Thord comes with a long sword, which at first seemed like a strange choice for a Dwarf, but it actually suits him quite well. This is the same sword we saw originally with Gorgo Aetherblade, but with a somewhat worn and rusty finish to the blade and crossguard and a grip painted blue to match the accents of Thord’s armor. While the sword is as tall as the Dwarf himself, it can be worn at an angle in the waist belt, or if you are willing to sacrifice one of the shoulder pieces, you can have angle it across his back.
To go with his sword, Thord also comes with a shield. This is the same type we’ve seen all along so far, only this time with a new crest on it. The face is painted gold and features a black bear coat of arms. If you turn my figure’s shield in the light just right I can see some abrasions in the paint, which is so far the only QC issue I’ve run into here. It’s a minor one, and it actually just looks like the shield has been well used, so I don’t mind it. It wasn’t enough of an issue for me to try to get a replacement. As with the sword, the shield works quite well, despite being designed for the full sized figures.
Of course, sometimes a Dwarf has to really make a statement, and that’s when you whip out the gigantic axe! Yup, we’ve seen this baby a few times before and it still features the ability to convert from a single head to a double-head. This is a brand new deco with a rather dull gray finish and blue accents to match Thord’s armor. This weapon is large even for the full-sized figures, and yet I think it works pretty well with the Dwarves too.
I’m in love with the classical look of this figure. It hits all the right points in my mind when I think of a D&D style Dwarven Warrior. Plus, the sculpt and paint are right up there with what we’ve been seeing out of this series all along. If I had one nitpick, it would be that I would have liked to see some weapons designed expressly for the Dwarves, but I’m still perfectly happy with what we got. But, I’m not done yet, let’s take a quick look at his chum, Bothar Shadowhorn…
Bothar features the exact same body sculpt as Thord, but with a slightly more subdued color scheme to his armor. The plates are a little darker gray and the rivets, edging, and all the accents are painted copper. Bothar’s armor may not be as flashy as Thord’s, but it’s still a nice deco and makes him look like more of a rank-and-file warrior to me. The shoulders are also different from Thord’s, and are repaints of the ones included with Gorgo Aetherblade. While, Bothar sports a darker version of the same long beard as Thord, the rest of his face is covered by his helmet. It features some copper colored accents to match his armor and a pair of horns, which can be interchanged with Thord’s horns if you like. Bothar also comes with the same standard belt, as well, in this case it’s perfect for holding his dagger.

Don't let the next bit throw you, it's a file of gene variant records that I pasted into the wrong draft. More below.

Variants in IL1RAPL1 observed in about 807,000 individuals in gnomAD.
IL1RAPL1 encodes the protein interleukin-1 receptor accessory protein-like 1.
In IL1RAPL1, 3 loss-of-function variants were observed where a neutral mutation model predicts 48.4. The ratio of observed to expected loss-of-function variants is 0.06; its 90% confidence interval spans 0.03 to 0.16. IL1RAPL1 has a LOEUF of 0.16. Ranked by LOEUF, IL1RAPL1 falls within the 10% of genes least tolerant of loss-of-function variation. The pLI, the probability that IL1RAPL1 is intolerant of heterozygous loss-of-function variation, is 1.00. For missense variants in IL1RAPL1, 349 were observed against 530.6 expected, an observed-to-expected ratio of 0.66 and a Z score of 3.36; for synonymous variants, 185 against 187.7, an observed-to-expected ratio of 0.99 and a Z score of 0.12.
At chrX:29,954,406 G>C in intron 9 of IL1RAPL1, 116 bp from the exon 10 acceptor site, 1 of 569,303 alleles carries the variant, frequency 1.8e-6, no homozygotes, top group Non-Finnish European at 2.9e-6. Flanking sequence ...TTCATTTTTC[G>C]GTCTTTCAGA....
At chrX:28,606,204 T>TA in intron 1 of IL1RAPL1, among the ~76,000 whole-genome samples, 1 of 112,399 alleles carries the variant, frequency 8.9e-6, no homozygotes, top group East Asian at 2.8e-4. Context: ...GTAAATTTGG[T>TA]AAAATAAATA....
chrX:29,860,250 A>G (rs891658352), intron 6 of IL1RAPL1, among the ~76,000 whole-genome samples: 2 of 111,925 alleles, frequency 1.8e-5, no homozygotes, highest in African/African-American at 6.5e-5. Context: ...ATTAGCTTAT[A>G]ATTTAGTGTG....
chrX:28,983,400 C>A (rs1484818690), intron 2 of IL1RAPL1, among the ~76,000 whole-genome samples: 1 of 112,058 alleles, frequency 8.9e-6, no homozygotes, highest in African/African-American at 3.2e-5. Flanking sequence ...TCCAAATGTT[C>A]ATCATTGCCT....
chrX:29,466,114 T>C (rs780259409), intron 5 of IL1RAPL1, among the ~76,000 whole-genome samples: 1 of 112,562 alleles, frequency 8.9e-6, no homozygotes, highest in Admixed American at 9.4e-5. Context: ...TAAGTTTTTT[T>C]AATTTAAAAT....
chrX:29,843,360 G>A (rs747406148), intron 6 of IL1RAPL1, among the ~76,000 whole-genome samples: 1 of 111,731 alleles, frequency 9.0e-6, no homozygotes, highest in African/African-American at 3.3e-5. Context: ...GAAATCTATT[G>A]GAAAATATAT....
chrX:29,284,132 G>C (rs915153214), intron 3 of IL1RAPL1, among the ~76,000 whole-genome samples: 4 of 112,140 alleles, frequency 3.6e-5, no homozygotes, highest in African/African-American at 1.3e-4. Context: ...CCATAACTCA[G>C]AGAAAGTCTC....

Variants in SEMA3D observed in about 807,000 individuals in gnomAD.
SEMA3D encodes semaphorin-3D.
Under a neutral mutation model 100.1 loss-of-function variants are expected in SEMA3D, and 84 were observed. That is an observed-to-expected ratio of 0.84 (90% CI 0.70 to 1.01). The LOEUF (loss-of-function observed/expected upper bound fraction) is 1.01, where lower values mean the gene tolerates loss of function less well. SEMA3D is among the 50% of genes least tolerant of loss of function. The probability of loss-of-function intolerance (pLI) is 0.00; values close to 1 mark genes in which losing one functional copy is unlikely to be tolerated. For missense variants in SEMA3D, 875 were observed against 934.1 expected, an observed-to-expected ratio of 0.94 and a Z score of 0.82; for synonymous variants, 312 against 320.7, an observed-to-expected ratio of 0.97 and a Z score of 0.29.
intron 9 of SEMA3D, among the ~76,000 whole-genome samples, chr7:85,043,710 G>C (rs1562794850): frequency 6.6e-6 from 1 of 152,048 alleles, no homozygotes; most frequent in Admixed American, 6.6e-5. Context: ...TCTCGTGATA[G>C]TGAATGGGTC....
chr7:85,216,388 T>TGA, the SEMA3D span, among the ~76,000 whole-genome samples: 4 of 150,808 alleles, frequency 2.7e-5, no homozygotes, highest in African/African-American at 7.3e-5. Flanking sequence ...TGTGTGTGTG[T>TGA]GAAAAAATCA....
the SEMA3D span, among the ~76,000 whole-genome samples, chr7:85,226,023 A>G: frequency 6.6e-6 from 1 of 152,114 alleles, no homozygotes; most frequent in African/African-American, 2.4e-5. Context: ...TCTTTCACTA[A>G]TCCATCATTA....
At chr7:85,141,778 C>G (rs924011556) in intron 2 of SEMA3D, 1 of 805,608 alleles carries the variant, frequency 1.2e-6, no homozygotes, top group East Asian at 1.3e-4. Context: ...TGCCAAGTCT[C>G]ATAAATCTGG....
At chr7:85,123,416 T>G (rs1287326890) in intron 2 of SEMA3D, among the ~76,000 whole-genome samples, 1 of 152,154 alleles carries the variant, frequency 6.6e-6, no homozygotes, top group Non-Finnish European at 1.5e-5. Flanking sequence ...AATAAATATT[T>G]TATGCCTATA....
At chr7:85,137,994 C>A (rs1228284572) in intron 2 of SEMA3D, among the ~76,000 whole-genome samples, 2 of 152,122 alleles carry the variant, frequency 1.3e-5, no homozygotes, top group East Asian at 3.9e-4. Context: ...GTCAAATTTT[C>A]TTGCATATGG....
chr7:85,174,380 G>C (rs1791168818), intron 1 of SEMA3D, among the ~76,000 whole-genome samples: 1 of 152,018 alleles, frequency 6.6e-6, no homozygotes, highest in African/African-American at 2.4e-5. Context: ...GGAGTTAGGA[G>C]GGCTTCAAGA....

In addition to the dagger, you get the same sword as Thord, this time with a cleaner blade and a copper painted hilt, which matches the hilt of the dagger.
And yes, you get the same battle axe, this time with copper painted fixtures on the head and a copper colored handle. This line gets a lot of mileage out of its weapons molds, and quite frankly, I have no problem with that, especially when you’re getting several weapons with each figure.
The Dwarves of Mythic Legions are fantastic little figures, and I would be hard pressed to choose which one of these I like more. The paintwork and portrait on Thord are very appealing, but I also really dig the all-business look of Bothar. What I don’t dig is the fact that I had to sit out some of the other Dwarves in this line for lack of funds. I do still have the Bronze Dwarf Legion Builder coming my way via the post-Kickstarter Pre-Orders, but I could kick myself for not picking up Orn Steelhide, Jorund Runeshaper, or Sir Valgard. For some reason I decided to use that money to eat and pay my phone bill that month. Stupid bills!